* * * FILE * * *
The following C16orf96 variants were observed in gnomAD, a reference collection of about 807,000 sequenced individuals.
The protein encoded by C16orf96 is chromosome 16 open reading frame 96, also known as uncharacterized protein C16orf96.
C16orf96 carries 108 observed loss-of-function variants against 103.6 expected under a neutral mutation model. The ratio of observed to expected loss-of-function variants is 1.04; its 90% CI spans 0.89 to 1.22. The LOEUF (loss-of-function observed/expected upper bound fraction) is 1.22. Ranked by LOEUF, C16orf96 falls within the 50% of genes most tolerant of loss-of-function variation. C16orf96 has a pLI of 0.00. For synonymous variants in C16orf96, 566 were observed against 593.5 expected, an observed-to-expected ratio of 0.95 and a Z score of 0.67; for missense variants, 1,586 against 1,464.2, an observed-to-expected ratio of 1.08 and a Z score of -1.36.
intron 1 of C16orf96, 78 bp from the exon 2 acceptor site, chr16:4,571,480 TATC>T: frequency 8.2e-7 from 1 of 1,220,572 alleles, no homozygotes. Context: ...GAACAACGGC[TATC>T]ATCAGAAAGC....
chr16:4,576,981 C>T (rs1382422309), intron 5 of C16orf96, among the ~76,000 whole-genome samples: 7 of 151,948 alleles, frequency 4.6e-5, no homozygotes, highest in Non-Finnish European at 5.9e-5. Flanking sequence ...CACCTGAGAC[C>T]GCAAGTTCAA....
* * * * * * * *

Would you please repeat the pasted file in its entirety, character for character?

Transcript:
The following C16orf96 variants were observed in gnomAD, a reference collection of about 807,000 sequenced individuals.
The protein encoded by C16orf96 is chromosome 16 open reading frame 96, also known as uncharacterized protein C16orf96.
C16orf96 carries 108 observed loss-of-function variants against 103.6 expected under a neutral mutation model. The ratio of observed to expected loss-of-function variants is 1.04; its 90% CI spans 0.89 to 1.22. The LOEUF (loss-of-function observed/expected upper bound fraction) is 1.22. Ranked by LOEUF, C16orf96 falls within the 50% of genes most tolerant of loss-of-function variation. C16orf96 has a pLI of 0.00. For synonymous variants in C16orf96, 566 were observed against 593.5 expected, an observed-to-expected ratio of 0.95 and a Z score of 0.67; for missense variants, 1,586 against 1,464.2, an observed-to-expected ratio of 1.08 and a Z score of -1.36.
intron 1 of C16orf96, 78 bp from the exon 2 acceptor site, chr16:4,571,480 TATC>T: frequency 8.2e-7 from 1 of 1,220,572 alleles, no homozygotes. Context: ...GAACAACGGC[TATC>T]ATCAGAAAGC....
chr16:4,576,981 C>T (rs1382422309), intron 5 of C16orf96, among the ~76,000 whole-genome samples: 7 of 151,948 alleles, frequency 4.6e-5, no homozygotes, highest in Non-Finnish European at 5.9e-5. Flanking sequence ...CACCTGAGAC[C>T]GCAAGTTCAA....